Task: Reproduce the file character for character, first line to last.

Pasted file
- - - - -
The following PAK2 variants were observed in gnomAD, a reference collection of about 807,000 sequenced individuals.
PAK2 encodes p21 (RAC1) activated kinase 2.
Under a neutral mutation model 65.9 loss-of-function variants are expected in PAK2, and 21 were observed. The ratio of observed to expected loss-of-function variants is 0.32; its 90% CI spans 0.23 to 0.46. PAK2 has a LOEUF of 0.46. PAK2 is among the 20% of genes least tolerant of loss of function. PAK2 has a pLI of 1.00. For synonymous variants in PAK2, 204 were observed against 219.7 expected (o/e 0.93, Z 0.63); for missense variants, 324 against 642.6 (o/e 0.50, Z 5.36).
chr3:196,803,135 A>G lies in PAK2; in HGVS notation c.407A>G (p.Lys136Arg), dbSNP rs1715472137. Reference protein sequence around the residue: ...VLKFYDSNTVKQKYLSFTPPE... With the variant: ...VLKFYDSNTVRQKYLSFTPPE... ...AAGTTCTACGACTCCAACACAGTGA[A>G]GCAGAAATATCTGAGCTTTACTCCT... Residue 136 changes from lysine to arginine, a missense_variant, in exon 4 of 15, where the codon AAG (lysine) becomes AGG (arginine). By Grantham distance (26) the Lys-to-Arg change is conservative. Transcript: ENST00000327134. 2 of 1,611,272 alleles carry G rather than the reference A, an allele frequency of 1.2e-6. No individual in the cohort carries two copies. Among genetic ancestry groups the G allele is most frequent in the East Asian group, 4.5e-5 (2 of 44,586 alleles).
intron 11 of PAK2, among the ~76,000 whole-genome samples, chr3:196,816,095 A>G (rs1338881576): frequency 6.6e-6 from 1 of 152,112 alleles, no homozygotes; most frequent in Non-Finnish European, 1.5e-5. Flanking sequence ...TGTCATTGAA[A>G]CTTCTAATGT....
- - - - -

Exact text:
The following PAK2 variants were observed in gnomAD, a reference collection of about 807,000 sequenced individuals.
PAK2 encodes p21 (RAC1) activated kinase 2.
Under a neutral mutation model 65.9 loss-of-function variants are expected in PAK2, and 21 were observed. The ratio of observed to expected loss-of-function variants is 0.32; its 90% CI spans 0.23 to 0.46. PAK2 has a LOEUF of 0.46. PAK2 is among the 20% of genes least tolerant of loss of function. PAK2 has a pLI of 1.00. For synonymous variants in PAK2, 204 were observed against 219.7 expected (o/e 0.93, Z 0.63); for missense variants, 324 against 642.6 (o/e 0.50, Z 5.36).
chr3:196,803,135 A>G lies in PAK2; in HGVS notation c.407A>G (p.Lys136Arg), dbSNP rs1715472137. Reference protein sequence around the residue: ...VLKFYDSNTVKQKYLSFTPPE... With the variant: ...VLKFYDSNTVRQKYLSFTPPE... ...AAGTTCTACGACTCCAACACAGTGA[A>G]GCAGAAATATCTGAGCTTTACTCCT... Residue 136 changes from lysine to arginine, a missense_variant, in exon 4 of 15, where the codon AAG (lysine) becomes AGG (arginine). By Grantham distance (26) the Lys-to-Arg change is conservative. Transcript: ENST00000327134. 2 of 1,611,272 alleles carry G rather than the reference A, an allele frequency of 1.2e-6. No individual in the cohort carries two copies. Among genetic ancestry groups the G allele is most frequent in the East Asian group, 4.5e-5 (2 of 44,586 alleles).
intron 11 of PAK2, among the ~76,000 whole-genome samples, chr3:196,816,095 A>G (rs1338881576): frequency 6.6e-6 from 1 of 152,112 alleles, no homozygotes; most frequent in Non-Finnish European, 1.5e-5. Flanking sequence ...TGTCATTGAA[A>G]CTTCTAATGT....